With a hangover, my brain hurts and I feel dehydrated. With a hangover, I take a couple of ibuprofen tablets, drink a big glass of fruit juice and even more water, suck it up, and get on with my day.
I haven't experienced a hangover in a while because, while I may drink often, I don't drink a lot. These days, I'm not drinking at all.
But when the body wears out and fails you, there's nothing you can do except rest and take it easy.
This weekend, my wife and I attended a fund raiser that had us dressing up like it was the 80s and dancing to music from the 70s, 80s, and early 90s. The event raised almost $4,000 for the School Breakfast Program, which gives nourishing morning meals to kids who might otherwise have nothing in their bellies at the beginning of the day.
Good cause, successful achievement, great party.
My wife and I met up with our good friends, Bee and Marc, and we all dressed for the event. Marc dressed fittingly as John Bender, the "criminal" from The Breakfast Club; Bee dressed as she had in that era, ready to attend a Ramones show at CBGB's. Lori donned leg warmers, curled her hair and covered it in spray, added a hat and an 80s-style jacket (though it was severely lacking in shoulder pads). I wore a wig that was fitting for an 80s rock band (and added black eye liner for effect), dug out one of my actual jackets that I bought sometime in the 80s (complete with shoulder pads and turned-up lapels), white t-shirt, jeans, and white sneakers with the tongues turned up.
When I actually lived in the 80s, as a teen, I never dressed up like that. Of all the styles my hair has seen, big 80s hair was never it. I wore sweaters most of the time, and my colours of choice were often grey and black. Not Goth, but black jeans and a grey sweater was an outfit you were likely to see me in.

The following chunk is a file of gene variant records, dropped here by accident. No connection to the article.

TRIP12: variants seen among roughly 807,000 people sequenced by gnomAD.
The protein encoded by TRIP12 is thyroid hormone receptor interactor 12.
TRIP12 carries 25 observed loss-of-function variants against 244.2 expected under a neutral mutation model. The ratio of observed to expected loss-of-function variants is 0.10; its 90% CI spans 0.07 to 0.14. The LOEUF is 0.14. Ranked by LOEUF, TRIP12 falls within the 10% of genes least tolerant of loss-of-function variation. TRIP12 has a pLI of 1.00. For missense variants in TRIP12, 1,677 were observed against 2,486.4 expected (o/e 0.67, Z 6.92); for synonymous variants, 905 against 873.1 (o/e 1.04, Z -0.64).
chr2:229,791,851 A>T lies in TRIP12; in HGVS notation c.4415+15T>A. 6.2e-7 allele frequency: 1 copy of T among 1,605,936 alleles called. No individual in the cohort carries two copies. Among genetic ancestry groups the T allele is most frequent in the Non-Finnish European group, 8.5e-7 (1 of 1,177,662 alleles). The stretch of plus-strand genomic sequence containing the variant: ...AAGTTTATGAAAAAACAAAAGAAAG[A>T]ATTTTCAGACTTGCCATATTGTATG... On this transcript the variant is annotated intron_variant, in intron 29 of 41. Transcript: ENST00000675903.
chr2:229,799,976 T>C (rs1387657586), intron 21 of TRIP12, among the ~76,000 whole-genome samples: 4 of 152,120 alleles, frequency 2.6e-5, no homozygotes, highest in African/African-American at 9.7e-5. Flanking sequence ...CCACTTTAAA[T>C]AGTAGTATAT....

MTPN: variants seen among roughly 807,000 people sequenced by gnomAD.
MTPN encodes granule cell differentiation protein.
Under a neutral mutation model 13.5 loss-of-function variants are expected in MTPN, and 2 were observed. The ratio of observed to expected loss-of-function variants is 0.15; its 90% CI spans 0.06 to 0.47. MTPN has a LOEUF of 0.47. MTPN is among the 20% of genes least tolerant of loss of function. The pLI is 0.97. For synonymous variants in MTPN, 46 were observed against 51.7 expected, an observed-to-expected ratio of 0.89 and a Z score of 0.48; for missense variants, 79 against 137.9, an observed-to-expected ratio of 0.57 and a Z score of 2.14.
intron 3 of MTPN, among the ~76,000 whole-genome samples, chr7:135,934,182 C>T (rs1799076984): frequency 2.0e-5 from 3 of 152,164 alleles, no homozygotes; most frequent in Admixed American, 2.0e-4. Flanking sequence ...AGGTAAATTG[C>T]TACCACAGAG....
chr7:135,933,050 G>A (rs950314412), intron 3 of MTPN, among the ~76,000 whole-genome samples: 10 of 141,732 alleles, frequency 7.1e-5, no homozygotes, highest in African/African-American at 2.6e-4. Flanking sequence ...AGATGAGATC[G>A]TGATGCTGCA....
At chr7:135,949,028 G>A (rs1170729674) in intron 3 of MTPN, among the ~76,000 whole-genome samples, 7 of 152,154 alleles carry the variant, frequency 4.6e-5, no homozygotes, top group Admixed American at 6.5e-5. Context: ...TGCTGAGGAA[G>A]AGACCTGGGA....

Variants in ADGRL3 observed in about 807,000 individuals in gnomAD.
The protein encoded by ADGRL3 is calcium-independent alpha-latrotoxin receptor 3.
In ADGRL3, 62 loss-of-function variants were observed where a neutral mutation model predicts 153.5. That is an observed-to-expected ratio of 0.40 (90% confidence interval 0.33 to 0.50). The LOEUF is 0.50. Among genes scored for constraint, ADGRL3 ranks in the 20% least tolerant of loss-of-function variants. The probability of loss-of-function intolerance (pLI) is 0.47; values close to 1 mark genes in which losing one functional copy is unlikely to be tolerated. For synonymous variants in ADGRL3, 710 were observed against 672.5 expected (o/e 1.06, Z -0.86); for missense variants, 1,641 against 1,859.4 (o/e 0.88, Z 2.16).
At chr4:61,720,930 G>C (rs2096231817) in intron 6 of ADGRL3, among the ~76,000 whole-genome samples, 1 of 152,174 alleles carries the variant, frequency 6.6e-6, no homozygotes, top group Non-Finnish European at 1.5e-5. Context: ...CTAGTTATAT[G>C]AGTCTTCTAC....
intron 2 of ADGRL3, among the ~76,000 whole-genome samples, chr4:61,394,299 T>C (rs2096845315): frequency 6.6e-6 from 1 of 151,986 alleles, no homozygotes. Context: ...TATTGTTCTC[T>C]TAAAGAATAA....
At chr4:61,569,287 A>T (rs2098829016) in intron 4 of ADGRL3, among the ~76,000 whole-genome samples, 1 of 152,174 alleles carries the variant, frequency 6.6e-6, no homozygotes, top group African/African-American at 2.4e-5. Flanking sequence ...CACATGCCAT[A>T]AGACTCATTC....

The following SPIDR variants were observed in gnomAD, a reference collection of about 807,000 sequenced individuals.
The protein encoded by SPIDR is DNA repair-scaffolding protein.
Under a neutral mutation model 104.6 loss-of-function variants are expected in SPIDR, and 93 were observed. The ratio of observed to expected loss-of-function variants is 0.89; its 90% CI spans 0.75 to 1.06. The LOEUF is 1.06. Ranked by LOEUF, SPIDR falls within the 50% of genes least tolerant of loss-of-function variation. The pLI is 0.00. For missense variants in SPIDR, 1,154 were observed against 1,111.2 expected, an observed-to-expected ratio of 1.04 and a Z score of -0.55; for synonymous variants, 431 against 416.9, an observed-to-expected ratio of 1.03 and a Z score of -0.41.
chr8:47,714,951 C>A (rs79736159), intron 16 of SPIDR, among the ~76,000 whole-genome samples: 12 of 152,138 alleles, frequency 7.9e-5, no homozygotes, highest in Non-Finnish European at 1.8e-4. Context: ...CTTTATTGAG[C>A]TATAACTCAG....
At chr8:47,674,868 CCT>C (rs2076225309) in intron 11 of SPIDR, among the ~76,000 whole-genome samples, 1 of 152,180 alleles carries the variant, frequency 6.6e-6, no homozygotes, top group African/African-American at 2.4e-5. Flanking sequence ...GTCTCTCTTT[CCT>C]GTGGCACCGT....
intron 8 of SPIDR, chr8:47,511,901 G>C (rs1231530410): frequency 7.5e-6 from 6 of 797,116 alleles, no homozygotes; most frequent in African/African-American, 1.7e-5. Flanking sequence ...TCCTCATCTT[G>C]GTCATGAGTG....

We danced to Simple Minds, Depeche Mode, Quiet Riot, M.C. Hammer, Bowie, and of course, the final song of the night was "Stairway to Heaven," though we left before the end of the dance. Because, though we danced like it was the 80s, my body succumbed to the 50s.
I did all the moves from when I was in high school, and I did them for about as long as I did them when I was at school dances, longer than I did when I went to clubs in Hull with my friends. When I was in my late teens and 20s, I could dance for a very long time. This weekend, I held out as long but when my body finally had enough, it had more than enough.
I overheated and had to take the wig and jacket off. And then, when I sat down to rest my feet, atrophy set in as my osteoarthritis took over. I could barely walk, let alone dance. As soon as I got home, I sank my feet in a bucket of ice water, and then into a hot tub. Lori massaged my feet and calves as I downed three ALEVE® tablets. I fell asleep with shooting pains that travelled the length of my legs.
I also slept until 10:30 the next morning.
For most of the next day, I was stiff and sore, and groggy. I napped in the afternoon. I did few chores around the house, making sure not to add to my pain. I walked around the house like a 90-year-old man.
Last night, as I typed these words, I was still tired and a little sore.
It was nice to relive my youth, but I'm too old to maintain it.
Would I do it again?
But next time, I'm leaving the hair behind, trading the wig for a good drink. At least that way, I can try to blame my pain on the booze.
|I'm pretty sure ladies didn't keep cell phones in their back pockets in those days.|